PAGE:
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Senate Budget Committee
Standing committee
Seal of the United States Senate.svg

United States Senate
117th Congress
Senate Budget Committee.png
ChairBernie Sanders (I)[a]
Since February 2, 2021
Ranking memberLindsey Graham (R)
Since February 2, 2021
Political partiesMajority (11)
  •   Democratic (10)
  •   Independent (1)
Minority (11)
Policy areasBudgetary policy and process, Fiscal policy, Government spending, Public debt, Tax expenditures
Oversight authorityCongressional Budget Office
House counterpartHouse Budget Committee
Meeting place
608 Dirksen Senate Office Building
Washington, DC 20510
  1. ^ Sanders is formally an independent but caucuses with the Democrats.
  2. ^ Democrats are in the majority due to the tiebreaking power of Democratic Vice President Kamala Harris, who serves ex officio as the president of the Senate.

The United States Senate Committee on the Budget was established by the Congressional Budget and Impoundment Control Act of 1974. It is responsible for drafting Congress's annual budget plan and monitoring action on the budget for the Federal Government. The committee has jurisdiction over the Congressional Budget Office. The committee briefly operated as a special committee from 1919 to 1920 during the 66th Congress, before being made a standing committee in 1974.[1]

The current Chair is Vermont Senator Bernie Sanders, and the Ranking Member is South Carolina Senator Lindsey Graham.

Contrasted with other committees

The Budget Committee should not be confused with the Finance Committee and the Appropriations Committee, both of which have different jurisdictions: The Finance Committee is analogous to the Ways and Means Committee in the House of Representatives; it has legislative jurisdiction in the areas of taxes, Social Security, Medicare, Medicaid and some other entitlements. The Appropriations Committee has legislative jurisdiction over appropriations bills, which provide funding for government programs.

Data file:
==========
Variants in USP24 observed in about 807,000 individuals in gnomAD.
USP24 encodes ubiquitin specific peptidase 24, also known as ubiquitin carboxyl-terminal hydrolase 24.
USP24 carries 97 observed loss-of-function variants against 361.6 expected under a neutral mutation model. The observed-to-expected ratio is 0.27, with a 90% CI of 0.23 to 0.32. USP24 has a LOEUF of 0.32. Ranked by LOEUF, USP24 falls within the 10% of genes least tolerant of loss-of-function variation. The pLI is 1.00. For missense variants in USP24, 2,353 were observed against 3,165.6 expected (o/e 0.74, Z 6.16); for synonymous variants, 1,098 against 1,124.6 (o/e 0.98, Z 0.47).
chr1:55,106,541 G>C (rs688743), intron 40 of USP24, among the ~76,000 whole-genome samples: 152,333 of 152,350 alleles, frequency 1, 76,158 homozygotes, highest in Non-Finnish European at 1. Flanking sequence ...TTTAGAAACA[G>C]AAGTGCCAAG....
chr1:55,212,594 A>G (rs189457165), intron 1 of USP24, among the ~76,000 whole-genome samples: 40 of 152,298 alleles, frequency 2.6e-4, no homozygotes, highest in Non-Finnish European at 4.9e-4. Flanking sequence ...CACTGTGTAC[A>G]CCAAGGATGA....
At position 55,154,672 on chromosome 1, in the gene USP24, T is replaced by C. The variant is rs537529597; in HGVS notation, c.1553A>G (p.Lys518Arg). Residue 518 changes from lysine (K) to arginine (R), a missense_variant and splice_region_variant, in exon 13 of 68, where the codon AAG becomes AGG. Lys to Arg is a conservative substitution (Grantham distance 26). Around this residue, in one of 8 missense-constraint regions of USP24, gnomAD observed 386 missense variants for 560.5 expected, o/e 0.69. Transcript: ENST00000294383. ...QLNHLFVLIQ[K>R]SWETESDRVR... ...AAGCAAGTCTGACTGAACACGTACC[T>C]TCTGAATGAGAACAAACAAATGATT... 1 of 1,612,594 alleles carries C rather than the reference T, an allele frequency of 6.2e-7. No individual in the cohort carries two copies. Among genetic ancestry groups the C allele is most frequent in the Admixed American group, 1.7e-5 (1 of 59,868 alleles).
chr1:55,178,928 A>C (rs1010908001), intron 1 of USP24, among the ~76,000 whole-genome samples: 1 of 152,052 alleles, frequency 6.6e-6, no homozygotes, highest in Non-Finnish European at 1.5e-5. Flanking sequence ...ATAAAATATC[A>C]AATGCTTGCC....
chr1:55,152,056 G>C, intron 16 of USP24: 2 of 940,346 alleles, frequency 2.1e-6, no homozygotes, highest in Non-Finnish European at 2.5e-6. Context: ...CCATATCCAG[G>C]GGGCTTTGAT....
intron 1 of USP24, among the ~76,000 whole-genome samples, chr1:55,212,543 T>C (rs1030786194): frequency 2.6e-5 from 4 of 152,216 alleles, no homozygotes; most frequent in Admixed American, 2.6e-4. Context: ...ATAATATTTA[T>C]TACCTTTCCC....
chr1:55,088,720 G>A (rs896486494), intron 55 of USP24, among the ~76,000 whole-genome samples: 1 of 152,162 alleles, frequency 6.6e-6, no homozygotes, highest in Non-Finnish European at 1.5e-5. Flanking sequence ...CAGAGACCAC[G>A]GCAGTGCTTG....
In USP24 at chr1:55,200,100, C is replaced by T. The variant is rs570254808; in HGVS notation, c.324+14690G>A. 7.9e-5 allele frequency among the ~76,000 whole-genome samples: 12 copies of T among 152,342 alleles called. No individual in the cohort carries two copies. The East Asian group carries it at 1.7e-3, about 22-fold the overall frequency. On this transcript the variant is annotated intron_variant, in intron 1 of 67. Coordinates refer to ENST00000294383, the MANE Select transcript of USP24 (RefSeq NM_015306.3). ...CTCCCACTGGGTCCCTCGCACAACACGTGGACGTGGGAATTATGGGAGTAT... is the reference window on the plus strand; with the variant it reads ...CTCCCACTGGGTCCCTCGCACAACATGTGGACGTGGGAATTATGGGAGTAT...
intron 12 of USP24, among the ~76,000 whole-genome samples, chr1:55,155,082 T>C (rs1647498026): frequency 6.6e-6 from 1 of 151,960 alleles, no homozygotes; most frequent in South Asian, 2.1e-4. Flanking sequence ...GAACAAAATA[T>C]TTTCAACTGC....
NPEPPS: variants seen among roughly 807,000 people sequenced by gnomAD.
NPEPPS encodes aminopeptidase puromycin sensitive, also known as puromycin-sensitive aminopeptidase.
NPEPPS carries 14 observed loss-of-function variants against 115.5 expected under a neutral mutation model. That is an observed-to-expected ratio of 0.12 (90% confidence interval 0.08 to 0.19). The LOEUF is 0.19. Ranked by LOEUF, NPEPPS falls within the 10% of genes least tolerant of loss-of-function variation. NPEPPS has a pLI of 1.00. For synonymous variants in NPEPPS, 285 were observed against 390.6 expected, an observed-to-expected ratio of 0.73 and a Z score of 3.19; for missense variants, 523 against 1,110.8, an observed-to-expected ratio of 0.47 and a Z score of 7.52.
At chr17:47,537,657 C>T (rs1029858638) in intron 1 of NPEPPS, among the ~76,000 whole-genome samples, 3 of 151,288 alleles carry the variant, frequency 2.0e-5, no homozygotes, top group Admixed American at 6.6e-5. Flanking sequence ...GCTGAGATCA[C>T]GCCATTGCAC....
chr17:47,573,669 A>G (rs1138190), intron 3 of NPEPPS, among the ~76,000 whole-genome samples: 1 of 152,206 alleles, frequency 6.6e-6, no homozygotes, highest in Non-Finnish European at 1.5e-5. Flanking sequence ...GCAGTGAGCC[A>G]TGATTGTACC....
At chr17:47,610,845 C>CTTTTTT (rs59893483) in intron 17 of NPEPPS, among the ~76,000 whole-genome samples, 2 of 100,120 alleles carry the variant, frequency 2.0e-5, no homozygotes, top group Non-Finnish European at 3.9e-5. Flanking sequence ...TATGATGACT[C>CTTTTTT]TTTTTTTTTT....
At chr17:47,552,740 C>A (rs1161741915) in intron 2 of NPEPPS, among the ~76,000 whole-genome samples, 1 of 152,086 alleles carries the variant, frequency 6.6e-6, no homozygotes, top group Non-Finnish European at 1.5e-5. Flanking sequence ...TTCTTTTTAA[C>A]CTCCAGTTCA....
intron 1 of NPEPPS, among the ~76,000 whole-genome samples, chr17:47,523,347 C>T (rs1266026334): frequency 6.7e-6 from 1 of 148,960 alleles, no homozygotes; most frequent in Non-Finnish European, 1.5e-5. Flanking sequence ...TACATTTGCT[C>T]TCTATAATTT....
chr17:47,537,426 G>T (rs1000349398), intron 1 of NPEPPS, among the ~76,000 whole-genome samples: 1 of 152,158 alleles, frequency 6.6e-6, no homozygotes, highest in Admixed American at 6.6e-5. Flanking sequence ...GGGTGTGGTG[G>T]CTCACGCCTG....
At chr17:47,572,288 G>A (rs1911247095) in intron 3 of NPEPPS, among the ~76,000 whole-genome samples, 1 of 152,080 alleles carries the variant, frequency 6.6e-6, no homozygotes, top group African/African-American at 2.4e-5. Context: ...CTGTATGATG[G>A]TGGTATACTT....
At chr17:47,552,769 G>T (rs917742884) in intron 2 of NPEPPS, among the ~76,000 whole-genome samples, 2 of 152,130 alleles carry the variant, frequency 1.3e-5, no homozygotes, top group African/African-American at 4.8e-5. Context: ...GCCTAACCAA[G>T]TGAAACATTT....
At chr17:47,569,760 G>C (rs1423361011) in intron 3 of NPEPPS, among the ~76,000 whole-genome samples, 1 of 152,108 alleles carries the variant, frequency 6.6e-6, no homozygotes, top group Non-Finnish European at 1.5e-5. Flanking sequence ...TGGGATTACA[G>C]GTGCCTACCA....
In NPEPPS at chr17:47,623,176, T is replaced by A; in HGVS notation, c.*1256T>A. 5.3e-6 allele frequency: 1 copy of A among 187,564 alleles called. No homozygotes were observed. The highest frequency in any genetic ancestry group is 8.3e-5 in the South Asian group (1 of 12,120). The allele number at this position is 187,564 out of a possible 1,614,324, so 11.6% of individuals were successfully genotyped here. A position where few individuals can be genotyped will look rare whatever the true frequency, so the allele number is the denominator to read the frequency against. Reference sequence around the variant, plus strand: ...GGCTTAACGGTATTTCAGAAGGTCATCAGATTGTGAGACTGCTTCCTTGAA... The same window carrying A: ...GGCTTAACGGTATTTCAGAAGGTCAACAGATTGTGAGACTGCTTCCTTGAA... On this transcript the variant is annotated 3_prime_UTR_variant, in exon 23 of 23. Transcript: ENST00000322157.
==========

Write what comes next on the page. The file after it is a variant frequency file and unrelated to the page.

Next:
While the budget resolution prepared by the Budget Committee sets out a broad blueprint for the Congress with respect to the total levels of revenues and spending for the government as a whole, these other Committees prepare bills for specific tax and spending policies.

117th Congress

Main article: 117th United States Congress

Majority Minority


Chairs, 1975–present

Chairs Party State Years
Edmund S. Muskie Democratic Maine 1975–1980
Ernest F. Hollings Democratic South Carolina 1980–1981
Pete Domenici Republican New Mexico 1981–1987
Lawton Chiles Democratic Florida 1987–1989
James Sasser Democratic Tennessee 1989–1995
Pete Domenici Republican New Mexico 1995–2001
Kent Conrad Democratic North Dakota 2001[b]
Pete Domenici Republican New Mexico 2001
Kent Conrad Democratic North Dakota 2001–2003[c]
Don Nickles Republican Oklahoma 2003–2005
Judd Gregg Republican New Hampshire 2005–2007
Kent Conrad Democratic North Dakota 2007–2013
Patty Murray Democratic Washington 2013–2015
Mike Enzi Republican Wyoming 2015–2021
Bernie Sanders Independent[a] Vermont 2021–present

Historical membership rosters

116th Congress

Main article: 116th United States Congress

Majority Minority

115th Congress

Majority Minority

114th Congress

Majority Minority

113th Congress

Majority Minority

112th Congress

Majority Minority

111th Congress

Majority Minority

110th Congress

Majority Minority

109th Congress

Majority Minority


  1. ^ a b c d e f g h i j k l Senator is formally an independent but caucuses with the Democrats.
  2. ^ At the beginning of the 107th Congress in January 2001 the Senate was evenly divided. With a Democratic president and vice president still serving until January 20, the Democratic vice president was available to break a tie, and the Democrats thus controlled the Senate for 17 days, from January 3 to January 20. On January 3 the Senate adopted S. Res. 7 designating Democratic senators as committee chairmen to serve during this period and Republican chairmen to serve effective at noon on January 20, 2001.
  3. ^ On June 6, 2001, the Democrats took control of the Senate after Senator James Jeffords (VT) changed from the Republican Party to Independent and announced that he would caucus with the Democrats.


  1. ^ Walter Stubbs (1985), Congressional Committees, 1789–1982: A Checklist, Greenwood Press, pp. 16–17
  2. ^ "Committee Members | U.S. Senate Committee on the Budget".